Study shows significant increase in anxiety and depression among young people in Ireland
ANXIETY and depression among young people in Ireland has seen a sharp spike in recent years, according to the largest ever study focused on Ireland’s youth mental health.
The ‘My World Survey 2’ is the second installment of a study developed by UCD and the national centre for youth mental health, Jigsaw, and found that since the first installment in 2012, anxiety has doubled among adolescents.
The survey found that, of the 10,459 adolescents (aged 12 to 19) across 83 second-level schools in Ireland consulted, 22pc reported experiencing severe anxiety, doubling from the 11pc in 2012.
Anxiety among the 8,290 young adults surveyed, aged 18 to 25, in third level education or in employment, has also seen a spike, increasing from 15pc in 2012 to 26pc in the 2019 survey.
The findings show that females, in particular, indicated increased levels of anxiety and decreased levels of self-esteem, body esteem, resilience and other protective factors than males of the same age.
The report, also revealed an increase in depression among the 19,000 participants.
15pc of adolescents and 21pc of young adults reported severe and very severe depression, increasing from 8pc and 14pc respectively in 2012. The report found that adolescents were also less likely to report that they coped well with problems than in 2012.
Dr Joseph Duffy, CEO of Jigsaw said that the findings of this report are concerning, despite a welcomed growing conversation around mental health in Ireland.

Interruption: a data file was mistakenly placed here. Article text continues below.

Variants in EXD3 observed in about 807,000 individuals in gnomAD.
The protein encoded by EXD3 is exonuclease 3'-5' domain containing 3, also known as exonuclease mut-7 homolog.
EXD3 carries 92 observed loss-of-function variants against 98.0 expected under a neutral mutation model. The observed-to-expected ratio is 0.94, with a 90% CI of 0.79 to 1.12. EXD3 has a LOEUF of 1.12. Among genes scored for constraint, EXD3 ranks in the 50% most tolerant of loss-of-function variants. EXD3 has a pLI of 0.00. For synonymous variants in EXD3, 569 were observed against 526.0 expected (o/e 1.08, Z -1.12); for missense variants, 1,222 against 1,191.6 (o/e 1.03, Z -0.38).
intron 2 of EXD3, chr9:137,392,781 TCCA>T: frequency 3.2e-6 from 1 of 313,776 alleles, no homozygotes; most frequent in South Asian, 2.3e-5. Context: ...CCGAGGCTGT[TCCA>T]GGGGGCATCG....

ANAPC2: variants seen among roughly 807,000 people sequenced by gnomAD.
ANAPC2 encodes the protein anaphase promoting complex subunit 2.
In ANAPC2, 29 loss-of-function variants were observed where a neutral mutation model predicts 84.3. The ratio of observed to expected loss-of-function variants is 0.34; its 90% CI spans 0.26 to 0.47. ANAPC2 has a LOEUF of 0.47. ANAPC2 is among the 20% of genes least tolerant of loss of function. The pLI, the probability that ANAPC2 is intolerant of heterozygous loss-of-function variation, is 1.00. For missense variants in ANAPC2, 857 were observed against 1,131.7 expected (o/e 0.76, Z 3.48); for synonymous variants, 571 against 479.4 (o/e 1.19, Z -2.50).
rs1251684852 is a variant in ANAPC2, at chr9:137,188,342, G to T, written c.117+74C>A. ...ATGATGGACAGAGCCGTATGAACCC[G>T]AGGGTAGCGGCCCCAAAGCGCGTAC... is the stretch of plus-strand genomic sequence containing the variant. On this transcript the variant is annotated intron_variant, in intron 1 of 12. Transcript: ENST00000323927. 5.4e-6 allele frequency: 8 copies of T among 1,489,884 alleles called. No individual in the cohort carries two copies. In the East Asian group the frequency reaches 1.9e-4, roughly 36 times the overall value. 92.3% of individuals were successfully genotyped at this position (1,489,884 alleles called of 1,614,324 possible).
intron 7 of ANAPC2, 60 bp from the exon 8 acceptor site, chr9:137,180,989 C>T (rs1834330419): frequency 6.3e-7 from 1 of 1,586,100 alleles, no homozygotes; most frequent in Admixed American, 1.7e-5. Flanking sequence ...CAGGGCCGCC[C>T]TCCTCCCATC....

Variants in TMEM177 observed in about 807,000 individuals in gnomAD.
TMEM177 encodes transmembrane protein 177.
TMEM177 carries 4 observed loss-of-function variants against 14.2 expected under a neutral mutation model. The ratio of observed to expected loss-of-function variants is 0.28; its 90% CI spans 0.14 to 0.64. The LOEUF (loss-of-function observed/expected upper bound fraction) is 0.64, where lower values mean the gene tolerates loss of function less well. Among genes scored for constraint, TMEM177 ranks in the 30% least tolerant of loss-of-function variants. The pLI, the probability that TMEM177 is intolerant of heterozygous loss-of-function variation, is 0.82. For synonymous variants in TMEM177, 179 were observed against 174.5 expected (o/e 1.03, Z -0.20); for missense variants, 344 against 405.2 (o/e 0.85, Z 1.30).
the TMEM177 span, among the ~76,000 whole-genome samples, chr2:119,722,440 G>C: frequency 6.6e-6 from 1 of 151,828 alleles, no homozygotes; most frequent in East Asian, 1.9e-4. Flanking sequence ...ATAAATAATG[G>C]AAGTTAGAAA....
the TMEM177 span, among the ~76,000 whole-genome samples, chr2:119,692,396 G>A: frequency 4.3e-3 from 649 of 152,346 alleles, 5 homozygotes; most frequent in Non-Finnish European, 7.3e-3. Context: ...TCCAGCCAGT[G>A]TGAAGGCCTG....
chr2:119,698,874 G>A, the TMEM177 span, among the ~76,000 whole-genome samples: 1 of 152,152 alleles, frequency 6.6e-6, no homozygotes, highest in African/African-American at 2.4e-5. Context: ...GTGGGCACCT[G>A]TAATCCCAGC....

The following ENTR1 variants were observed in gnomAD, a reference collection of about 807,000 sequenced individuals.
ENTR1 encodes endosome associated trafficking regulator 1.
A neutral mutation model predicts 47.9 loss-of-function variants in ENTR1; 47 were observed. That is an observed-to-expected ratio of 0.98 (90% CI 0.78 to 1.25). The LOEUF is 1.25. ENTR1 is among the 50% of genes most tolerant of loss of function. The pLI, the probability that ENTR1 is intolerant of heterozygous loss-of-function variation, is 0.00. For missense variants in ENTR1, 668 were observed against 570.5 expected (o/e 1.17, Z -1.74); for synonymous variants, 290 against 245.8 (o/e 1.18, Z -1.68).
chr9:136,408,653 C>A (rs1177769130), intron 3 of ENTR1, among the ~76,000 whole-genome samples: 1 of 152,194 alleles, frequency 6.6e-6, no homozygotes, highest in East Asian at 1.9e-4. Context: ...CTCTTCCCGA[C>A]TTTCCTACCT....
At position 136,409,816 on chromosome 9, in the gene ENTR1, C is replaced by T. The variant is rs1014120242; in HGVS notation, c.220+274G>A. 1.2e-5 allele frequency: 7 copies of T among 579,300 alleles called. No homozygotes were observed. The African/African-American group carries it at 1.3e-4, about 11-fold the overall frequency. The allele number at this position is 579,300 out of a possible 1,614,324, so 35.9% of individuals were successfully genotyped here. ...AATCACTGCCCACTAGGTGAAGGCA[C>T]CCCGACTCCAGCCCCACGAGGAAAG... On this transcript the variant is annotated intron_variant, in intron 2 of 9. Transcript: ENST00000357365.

“While the last decade has seen a considerable growth in awareness and conversation about young people’s mental health, what is evident from the data from today’s report, is that more needs to be done to address the main issues affecting our young people,” he said.
“The increased levels of anxiety and depression, the decreased levels of self-esteem, optimism and life-satisfaction and growing trends of self-harm are of particular concern.”
The survey showed an increase of 50pc in young adults reporting having deliberately hurt themselves, without wanting to take their own life, from 22pc to 33pc.
Young people from ‘seldom heard groups’ – young people in Youthreach, Colleges of Further Education or community training or with physical disabilities showed a particular vulnerability with heightened anxiety and suicide attempts than their age-matched peers.
There, however a decrease, from 45pc to 39pc in the proportion of adolescents who reported being bullied, and fewer adolescents reported having ever drank alcohol- down to 42pc from 51pc.
There has also been an increase in protective factors, most notably in family support or support from a significant adult, however, as with the adolescent group, young adults were less likely to report being bullied than in 2012.
If you have been affected by any of the issues raised in this article please contact Samaritans helpline 116 123 or Aware helpline 1800 80 48 48 or Pieta House on 1800 247 247.
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